From pristine beaches and sand highways to places to travel back in time that are surprisingly close to the city, whatever piece of paradise you’re looking for, you’ll find it on an Aussie island. We spoke with the experts to take you even deeper.
Bruny Island, Tasmania: the gourmet getaway
Just 20 minutes by SeaLink ferry from the Tasmanian mainland, Bruny Island is its own universe, where untouched wilderness coexists with an artisan food scene. “Bruny is a concentrated version of Tasmania,” says Nick Haddow, owner of the acclaimed Bruny Island Cheese Company. “It has all the iconic beer, wine and cheese but all in the one, much smaller place.” Work through a tasting paddle of award-winning cheeses including their signature 1792, a washed rind aged on a slip of Huon pine, and pair it with a glass of Farm Ale at their bush-chic cellar door. Don’t miss the seafood at Get Shucked, where you can eat fat, briny Pacific oysters, overlooking the bay from where they are freshly harvested.
Rottnest Island, WA: a wildlife haven
The friendly quokkas of Rottnest Island have become an internet sensation but to meet the unassuming dwellers of this protected nature reserve, you’ve got to know where to look. Book Rottnest Island Glamping Escape where you’ll sleep under the stars in a luxury eco tent, and their guides will show you where to find the furry creatures. “Casual observers often miss the pair of sea eagles that nest on a rocky outcrop and many visitors don’t know about the fur seal colony at the end of the island,” says Leycester Cory from SeaLink WA, operator of the 30-minute ferry from Fremantle and tours around the island. “Guides can also show you the best snorkelling spots and secluded bays, which you can return to in the tour’s downtime.”
The Tiwi Islands, NT: artfully remote
Casting off from Bathurst Bay to the Tiwi Islands, SeaLink’s Tiwi By Design tour is a journey of artistic discovery. A vision of red cliffs, turquoise water and palm-dappled white sand, this little-visited collection of islands in the Arafura Sea offers a window into thriving tradition. On Bathurst Island, go behind the scenes with artists at the Tiwi Design Art Centre to do a screen-printing workshop. For SeaLink NT’s Angela Piper, the beauty of this trip is in spending time with Tiwi people. “The two-and-a half-hour ferry trip with the locals is as much fun as being on the island,” she says.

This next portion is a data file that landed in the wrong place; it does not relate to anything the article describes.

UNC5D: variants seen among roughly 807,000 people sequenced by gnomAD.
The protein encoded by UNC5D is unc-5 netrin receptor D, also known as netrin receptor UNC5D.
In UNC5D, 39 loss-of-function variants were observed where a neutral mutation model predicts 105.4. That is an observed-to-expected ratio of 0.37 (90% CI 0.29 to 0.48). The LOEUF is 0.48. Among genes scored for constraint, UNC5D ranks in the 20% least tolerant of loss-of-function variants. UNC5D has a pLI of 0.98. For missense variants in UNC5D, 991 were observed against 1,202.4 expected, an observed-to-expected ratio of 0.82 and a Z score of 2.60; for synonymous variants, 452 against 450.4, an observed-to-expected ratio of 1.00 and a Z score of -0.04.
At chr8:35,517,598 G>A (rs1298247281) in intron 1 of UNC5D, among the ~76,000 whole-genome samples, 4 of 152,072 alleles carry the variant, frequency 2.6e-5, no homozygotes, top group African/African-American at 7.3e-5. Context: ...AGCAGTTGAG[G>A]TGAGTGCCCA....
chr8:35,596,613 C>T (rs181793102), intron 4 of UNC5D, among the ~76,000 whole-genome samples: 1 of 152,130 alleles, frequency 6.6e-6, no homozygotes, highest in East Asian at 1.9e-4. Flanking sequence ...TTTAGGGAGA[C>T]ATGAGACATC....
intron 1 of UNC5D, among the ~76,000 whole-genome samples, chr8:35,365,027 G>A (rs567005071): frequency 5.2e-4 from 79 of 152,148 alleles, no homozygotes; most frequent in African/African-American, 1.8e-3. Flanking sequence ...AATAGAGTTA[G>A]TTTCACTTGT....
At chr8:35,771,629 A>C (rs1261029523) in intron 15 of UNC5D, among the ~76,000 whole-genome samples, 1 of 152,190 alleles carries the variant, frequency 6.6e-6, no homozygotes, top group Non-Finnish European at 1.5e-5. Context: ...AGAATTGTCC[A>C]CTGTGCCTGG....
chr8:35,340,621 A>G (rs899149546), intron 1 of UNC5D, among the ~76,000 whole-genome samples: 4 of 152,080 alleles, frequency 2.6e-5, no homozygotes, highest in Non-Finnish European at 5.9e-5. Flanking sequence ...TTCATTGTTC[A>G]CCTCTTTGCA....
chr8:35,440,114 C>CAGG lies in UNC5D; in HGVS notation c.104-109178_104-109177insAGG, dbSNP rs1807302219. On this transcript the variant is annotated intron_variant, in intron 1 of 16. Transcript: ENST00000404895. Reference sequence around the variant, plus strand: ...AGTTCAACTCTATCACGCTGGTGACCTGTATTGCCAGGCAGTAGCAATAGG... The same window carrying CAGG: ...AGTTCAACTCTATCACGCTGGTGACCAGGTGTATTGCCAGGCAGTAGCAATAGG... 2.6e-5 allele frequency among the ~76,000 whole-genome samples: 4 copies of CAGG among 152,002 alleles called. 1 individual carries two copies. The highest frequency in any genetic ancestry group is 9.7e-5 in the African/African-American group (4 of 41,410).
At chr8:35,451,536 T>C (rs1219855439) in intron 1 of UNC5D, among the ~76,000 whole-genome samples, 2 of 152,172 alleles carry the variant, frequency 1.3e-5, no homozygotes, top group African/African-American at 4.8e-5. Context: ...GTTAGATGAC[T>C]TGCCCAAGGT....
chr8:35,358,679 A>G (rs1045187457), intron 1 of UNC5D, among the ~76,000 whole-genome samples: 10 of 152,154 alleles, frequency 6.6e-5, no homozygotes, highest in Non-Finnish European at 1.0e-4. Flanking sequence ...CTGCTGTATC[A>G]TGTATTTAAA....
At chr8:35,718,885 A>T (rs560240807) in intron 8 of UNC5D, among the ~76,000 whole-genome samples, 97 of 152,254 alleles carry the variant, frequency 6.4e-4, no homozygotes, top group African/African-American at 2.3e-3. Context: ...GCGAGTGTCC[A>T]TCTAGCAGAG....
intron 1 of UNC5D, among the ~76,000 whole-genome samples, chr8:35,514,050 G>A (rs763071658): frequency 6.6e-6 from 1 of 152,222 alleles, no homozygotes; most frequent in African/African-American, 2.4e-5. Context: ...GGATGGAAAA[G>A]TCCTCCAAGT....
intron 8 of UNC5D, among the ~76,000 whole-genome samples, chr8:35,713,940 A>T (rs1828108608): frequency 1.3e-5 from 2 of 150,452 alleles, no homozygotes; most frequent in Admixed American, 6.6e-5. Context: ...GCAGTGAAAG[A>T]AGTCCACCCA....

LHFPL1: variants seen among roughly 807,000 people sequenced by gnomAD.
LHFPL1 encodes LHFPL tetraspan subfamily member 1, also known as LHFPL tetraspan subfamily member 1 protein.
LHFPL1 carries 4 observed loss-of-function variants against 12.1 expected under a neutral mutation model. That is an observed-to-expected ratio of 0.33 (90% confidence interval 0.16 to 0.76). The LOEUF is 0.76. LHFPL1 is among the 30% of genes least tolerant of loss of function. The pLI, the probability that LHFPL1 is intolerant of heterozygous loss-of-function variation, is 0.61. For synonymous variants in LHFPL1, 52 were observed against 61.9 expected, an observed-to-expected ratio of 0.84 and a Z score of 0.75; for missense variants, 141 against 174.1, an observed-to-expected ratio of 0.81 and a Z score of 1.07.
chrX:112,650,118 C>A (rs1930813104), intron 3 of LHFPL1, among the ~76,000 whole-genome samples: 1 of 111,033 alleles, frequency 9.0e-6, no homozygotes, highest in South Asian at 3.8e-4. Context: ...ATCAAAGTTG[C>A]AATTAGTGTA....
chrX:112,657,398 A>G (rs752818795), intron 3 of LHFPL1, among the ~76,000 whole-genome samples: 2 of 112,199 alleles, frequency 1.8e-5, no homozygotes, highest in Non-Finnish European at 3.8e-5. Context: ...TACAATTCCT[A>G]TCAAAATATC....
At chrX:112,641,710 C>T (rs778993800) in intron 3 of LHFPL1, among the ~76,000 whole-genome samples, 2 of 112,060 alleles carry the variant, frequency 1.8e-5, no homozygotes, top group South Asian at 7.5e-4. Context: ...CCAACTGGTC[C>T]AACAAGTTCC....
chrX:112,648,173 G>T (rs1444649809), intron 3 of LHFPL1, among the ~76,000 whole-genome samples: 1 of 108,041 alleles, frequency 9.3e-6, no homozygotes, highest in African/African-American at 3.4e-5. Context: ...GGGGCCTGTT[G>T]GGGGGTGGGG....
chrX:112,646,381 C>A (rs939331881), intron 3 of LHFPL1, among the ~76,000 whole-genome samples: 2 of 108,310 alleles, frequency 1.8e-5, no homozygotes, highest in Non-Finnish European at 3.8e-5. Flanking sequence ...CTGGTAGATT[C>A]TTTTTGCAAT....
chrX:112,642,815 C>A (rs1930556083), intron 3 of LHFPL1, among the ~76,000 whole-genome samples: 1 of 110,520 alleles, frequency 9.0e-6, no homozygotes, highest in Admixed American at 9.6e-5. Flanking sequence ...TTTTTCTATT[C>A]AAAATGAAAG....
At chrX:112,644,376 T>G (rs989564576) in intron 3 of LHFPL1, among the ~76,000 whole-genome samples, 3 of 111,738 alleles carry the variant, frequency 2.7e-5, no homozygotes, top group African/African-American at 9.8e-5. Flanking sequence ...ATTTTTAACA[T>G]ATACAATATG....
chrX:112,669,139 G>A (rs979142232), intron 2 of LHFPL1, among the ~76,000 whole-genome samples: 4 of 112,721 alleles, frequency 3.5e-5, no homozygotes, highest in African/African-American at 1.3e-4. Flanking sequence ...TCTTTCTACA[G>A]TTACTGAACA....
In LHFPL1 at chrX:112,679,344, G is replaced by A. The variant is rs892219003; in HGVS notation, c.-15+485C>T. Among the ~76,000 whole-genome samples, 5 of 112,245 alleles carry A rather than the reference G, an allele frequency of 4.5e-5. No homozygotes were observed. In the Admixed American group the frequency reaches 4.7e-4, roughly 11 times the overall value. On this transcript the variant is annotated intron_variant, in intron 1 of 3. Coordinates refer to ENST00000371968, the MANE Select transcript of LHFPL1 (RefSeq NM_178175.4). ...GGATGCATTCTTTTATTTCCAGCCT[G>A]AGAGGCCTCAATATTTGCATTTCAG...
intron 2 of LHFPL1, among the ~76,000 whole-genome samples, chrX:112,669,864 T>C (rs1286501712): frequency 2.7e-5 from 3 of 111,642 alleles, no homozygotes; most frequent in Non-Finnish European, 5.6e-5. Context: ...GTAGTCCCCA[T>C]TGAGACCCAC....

Is an island calling your name? Find out about these SeaLink tours and more experiences at BrilliantTravels.com.au
Kangaroo Island, SA: rugged beauty and an artisan community
A world away from South Australia’s mainland, Kangaroo Island deserves its global reputation as an arcadia where native flora, like bottlebrush and wattle, and artisan producers happily coexist in a completely unique microclimate. Taste Ligurian honey, which is unique to the island, and eat local Angasi oysters, its mineralised flavours lingering longer on your palate than other varieties. The Kangaroo Island Sights and Gourmet Delights tour is a great way to cover it all in two easy days with a well-known local expert guide like Nikki Redman. “There’s so much to tell as a passionate Islander in love with my island and all its stories,” she says.
Whitsunday Island, QLD: a beachcomber’s paradise
Between its startlingly white sand, pale turquoise ocean and lush rainforest, it’s easy to see why Whitehaven Beach on Whitsunday Island is regularly voted the world’s best. Accessed only by boat or seaplane, this blissfully remote seven-kilometre stretch of powder-soft sand is where you’ll stop on SeaLink’s Big Island Tour. “It’s a lazy afternoon on the beach with games and swimming or you can wander off and explore on your own,”says Gary Kilby, manager of operations for SeaLink Whitsundays. A hike to the top of Tongue Point is rewarded with a birds-eye view of Hill Inlet’s famously swirling sands – a kaleidoscope of teal and turquoise water mingling with white sand – but kicking back on the luxury catamaran during its broad loop through some of the 74-island Whitesundays chain is equally beguiling.